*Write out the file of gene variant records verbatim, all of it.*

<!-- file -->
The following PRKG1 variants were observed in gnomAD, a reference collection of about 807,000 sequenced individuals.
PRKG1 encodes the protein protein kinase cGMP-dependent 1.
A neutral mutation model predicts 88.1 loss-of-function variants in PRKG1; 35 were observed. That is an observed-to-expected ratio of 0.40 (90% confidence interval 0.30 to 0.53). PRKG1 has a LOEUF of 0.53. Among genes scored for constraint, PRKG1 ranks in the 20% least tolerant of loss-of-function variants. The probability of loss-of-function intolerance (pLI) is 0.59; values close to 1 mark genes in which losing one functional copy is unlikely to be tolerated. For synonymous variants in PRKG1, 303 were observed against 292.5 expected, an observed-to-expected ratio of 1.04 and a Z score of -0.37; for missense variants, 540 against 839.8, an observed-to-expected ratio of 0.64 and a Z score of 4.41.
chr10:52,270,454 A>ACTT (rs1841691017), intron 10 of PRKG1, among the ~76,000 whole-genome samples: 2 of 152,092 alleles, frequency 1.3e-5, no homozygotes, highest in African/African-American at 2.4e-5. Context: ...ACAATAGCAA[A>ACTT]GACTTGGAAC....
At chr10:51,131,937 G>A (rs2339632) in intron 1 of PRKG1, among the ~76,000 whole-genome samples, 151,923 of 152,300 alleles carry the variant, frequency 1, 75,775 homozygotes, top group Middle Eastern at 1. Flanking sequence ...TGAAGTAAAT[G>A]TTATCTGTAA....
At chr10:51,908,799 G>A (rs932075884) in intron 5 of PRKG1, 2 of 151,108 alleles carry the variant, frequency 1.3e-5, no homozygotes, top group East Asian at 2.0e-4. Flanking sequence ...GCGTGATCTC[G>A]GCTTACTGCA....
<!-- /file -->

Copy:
The following PRKG1 variants were observed in gnomAD, a reference collection of about 807,000 sequenced individuals.
PRKG1 encodes the protein protein kinase cGMP-dependent 1.
A neutral mutation model predicts 88.1 loss-of-function variants in PRKG1; 35 were observed. That is an observed-to-expected ratio of 0.40 (90% confidence interval 0.30 to 0.53). PRKG1 has a LOEUF of 0.53. Among genes scored for constraint, PRKG1 ranks in the 20% least tolerant of loss-of-function variants. The probability of loss-of-function intolerance (pLI) is 0.59; values close to 1 mark genes in which losing one functional copy is unlikely to be tolerated. For synonymous variants in PRKG1, 303 were observed against 292.5 expected, an observed-to-expected ratio of 1.04 and a Z score of -0.37; for missense variants, 540 against 839.8, an observed-to-expected ratio of 0.64 and a Z score of 4.41.
chr10:52,270,454 A>ACTT (rs1841691017), intron 10 of PRKG1, among the ~76,000 whole-genome samples: 2 of 152,092 alleles, frequency 1.3e-5, no homozygotes, highest in African/African-American at 2.4e-5. Context: ...ACAATAGCAA[A>ACTT]GACTTGGAAC....
At chr10:51,131,937 G>A (rs2339632) in intron 1 of PRKG1, among the ~76,000 whole-genome samples, 151,923 of 152,300 alleles carry the variant, frequency 1, 75,775 homozygotes, top group Middle Eastern at 1. Flanking sequence ...TGAAGTAAAT[G>A]TTATCTGTAA....
At chr10:51,908,799 G>A (rs932075884) in intron 5 of PRKG1, 2 of 151,108 alleles carry the variant, frequency 1.3e-5, no homozygotes, top group East Asian at 2.0e-4. Flanking sequence ...GCGTGATCTC[G>A]GCTTACTGCA....